I hope you enjoyed these photos of Temple Square. It truly is a beautiful place.

Thanks for reading!


© 2016 Copyright by Jana Last, All Rights Reserved

Tuesday, February 16, 2016

RootsTech 2016 ~ Lunch at the Blue Lemon


I arrived in Salt Lake City for my RootsTech 2016 trip on Monday, February 1st in the afternoon. The next morning I went on a group tour of the LDS Church History Library. Later that day, I had lunch with fellow genealogy bloggers at the Blue Lemon, which is a restaurant in the City Creek Shopping Center. Thank you Pat Richley-Erickson, author of the DearMyrtle blog, for organizing this lunch!

This was my first of many genealogy blogger meetups throughout RootsTech. It was wonderful to meet fellow genealogy bloggers that I've only known online. It was also great to see genealogy blogger friends that I've met before.

Here are some photos from our genealogy blogger lunch meetup.


Left to Right:
Randy Seaver, Michelle Goodrum, and Michelle Taggart


Left to Right:
Jana Last (Me), True Lewis and Michelle Taggart

Left to Right:
Gordon Erickson, Lana PorterPat Richley-Erickson, Barry Kline, and Audrey Collins

Getting together with fellow genealogy bloggers at RootsTech really was awesome!

Thanks for reading!


© 2016 Copyright by Jana Last, All Rights Reserved

Monday, February 15, 2016

RootsTech 2016 ~ Tour of the Church History Library

Church History Library
Photo Courtesy of the Church History Library


On Tuesday, February 2, 2016, I had the amazing opportunity to tour the Church History Library in Salt Lake City, Utah. It was a "behind-the-scenes" group tour and was one of the opportunities I was given as a RootsTech 2016 Ambassador.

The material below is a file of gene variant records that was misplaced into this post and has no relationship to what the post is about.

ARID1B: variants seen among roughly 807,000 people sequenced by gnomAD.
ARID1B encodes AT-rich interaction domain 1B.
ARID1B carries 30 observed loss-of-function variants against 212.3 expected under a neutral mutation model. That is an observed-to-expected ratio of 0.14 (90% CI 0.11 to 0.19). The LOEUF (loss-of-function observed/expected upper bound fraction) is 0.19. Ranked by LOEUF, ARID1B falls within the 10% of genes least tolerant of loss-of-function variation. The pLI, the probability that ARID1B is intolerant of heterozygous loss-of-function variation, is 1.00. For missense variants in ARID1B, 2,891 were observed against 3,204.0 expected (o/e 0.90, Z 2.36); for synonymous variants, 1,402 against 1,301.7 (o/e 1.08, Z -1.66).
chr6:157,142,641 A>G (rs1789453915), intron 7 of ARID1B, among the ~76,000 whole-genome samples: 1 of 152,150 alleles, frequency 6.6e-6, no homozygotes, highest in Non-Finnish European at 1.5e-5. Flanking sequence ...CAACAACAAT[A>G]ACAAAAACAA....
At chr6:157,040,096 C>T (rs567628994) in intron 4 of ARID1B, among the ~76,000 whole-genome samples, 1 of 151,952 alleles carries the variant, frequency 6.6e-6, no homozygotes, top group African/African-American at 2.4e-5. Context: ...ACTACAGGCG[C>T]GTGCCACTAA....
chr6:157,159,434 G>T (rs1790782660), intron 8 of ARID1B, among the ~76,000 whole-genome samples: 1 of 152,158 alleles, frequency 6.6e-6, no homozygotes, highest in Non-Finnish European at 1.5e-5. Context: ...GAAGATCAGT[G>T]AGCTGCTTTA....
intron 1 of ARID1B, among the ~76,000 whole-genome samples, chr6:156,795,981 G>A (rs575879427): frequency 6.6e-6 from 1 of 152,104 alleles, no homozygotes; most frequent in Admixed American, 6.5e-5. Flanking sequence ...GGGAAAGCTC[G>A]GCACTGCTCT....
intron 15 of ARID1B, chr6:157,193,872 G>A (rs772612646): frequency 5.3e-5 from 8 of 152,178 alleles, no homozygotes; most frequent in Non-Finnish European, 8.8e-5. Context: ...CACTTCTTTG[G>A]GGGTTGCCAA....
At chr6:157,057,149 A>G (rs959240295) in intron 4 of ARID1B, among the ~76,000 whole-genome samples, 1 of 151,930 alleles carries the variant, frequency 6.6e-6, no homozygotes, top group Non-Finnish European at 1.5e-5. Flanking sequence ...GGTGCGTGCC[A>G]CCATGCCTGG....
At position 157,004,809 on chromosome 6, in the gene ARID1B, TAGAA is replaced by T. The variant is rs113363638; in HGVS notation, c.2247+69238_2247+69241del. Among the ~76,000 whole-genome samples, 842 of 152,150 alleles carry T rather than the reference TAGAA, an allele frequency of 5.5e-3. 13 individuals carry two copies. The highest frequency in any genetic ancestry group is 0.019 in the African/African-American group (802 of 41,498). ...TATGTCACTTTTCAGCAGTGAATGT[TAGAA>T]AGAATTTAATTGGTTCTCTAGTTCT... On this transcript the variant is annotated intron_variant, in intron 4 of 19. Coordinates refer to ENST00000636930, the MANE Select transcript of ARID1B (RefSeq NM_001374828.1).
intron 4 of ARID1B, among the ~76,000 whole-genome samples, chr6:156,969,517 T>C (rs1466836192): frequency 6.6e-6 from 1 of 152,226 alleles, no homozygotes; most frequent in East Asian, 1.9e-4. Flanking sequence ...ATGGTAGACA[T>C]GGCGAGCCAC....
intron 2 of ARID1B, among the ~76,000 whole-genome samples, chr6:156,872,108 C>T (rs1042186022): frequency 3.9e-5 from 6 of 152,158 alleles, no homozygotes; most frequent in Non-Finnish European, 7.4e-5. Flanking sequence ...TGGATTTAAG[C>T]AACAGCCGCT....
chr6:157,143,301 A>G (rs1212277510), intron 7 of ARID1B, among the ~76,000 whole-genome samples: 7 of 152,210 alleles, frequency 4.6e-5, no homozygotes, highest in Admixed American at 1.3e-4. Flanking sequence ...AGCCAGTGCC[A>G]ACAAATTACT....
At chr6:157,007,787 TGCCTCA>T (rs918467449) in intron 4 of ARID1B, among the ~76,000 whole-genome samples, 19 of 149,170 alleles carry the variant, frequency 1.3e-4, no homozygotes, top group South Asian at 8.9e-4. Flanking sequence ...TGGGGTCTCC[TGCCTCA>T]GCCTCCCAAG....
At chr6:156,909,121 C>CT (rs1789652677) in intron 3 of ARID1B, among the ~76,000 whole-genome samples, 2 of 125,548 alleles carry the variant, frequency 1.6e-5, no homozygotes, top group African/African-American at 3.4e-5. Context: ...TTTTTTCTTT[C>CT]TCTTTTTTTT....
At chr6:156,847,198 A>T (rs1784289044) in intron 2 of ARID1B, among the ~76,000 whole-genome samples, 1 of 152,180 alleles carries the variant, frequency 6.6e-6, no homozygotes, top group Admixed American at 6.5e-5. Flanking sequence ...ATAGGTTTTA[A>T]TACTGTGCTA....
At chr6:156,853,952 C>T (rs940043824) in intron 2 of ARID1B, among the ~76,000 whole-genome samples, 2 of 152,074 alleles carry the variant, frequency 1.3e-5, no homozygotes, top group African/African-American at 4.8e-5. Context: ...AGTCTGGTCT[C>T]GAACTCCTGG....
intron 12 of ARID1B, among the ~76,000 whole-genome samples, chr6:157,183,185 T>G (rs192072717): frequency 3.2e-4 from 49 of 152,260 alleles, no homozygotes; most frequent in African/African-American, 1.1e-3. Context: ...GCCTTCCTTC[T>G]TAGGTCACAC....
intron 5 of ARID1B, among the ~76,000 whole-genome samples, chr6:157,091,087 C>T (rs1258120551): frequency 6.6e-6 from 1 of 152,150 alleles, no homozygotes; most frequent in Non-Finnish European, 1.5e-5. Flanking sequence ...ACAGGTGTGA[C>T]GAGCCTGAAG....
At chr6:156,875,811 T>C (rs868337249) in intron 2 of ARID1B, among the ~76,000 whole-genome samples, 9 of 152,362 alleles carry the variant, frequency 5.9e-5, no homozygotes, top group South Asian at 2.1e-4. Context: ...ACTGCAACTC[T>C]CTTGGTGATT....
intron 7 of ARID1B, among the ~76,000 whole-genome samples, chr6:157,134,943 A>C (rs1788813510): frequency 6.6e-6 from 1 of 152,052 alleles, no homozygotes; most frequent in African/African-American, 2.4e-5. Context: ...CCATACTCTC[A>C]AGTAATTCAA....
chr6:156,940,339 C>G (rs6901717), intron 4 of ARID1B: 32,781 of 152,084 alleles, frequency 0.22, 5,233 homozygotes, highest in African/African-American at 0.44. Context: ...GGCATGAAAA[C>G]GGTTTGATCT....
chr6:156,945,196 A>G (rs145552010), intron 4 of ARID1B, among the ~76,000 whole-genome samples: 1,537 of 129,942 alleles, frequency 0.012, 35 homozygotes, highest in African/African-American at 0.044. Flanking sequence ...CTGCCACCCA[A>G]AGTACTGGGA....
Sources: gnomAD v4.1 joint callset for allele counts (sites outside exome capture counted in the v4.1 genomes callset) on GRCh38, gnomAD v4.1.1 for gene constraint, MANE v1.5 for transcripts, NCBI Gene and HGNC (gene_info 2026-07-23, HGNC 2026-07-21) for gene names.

First, we gathered in the beautiful lobby.

Church History Library Lobby
Photo Courtesy of the Church History Library

We were given special badges and were taken to the Reference Area. There are lockers in this area for patrons to store their coats, etc.

Church History Library Reference Area
Photo Courtesy of the Church History Library

We returned to the lobby and were taken downstairs. Our tour guide was Keith A. Erekson, Director of the Church History Library.

Church History Library Vault
Photo Courtesy of the Church History Library

Our group was able to see the vault area and the book preservation room. We were also taken to a conference room and were shown how different types of media are preserved.

We were taken back upstairs to the Reference Area and were shown the Foundations of Faith Exhibit, which contains rare and special documents from the history of The Church of Jesus Christ of Latter-day Saints, including an Egyptian papyrus fragment dated from the second century B.C.

Foundations of Faith Exhibit
Photo Courtesy of the Church History Library

Foundations of Faith Exhibit
Photo Courtesy of the Church History Library

The Foundations of Faith Exhibit is also available online at the following link:

Foundations of Faith online exhibit

The Church History Library is also a wonderful resource for family historians.

Church History Library Computers in the Reference Area
Photo Courtesy of the Church History Library

The Church History Library has a website that includes a searchable catalog. Search their databases and see what you find by clicking HERE. I did a search and found my husband's grandfather's name in the Early Mormon Missionaries Database.


The information for Charles lists his birth date and place and his parents' names. How cool is that? We already have this information, but if we hadn't, this would be a priceless genealogical find.

The Church History Library has a YouTube Channel which has many videos including a video about the purpose of the library, a video about the Foundations of Faith Exhibit, and even videos about how to properly handle and preserve items such as books, electronic media, textiles, etc.


To learn more about the Church History Library, click on the link below.

Church History Library

Thanks for reading!


© 2016 Copyright by Jana Last, All Rights Reserved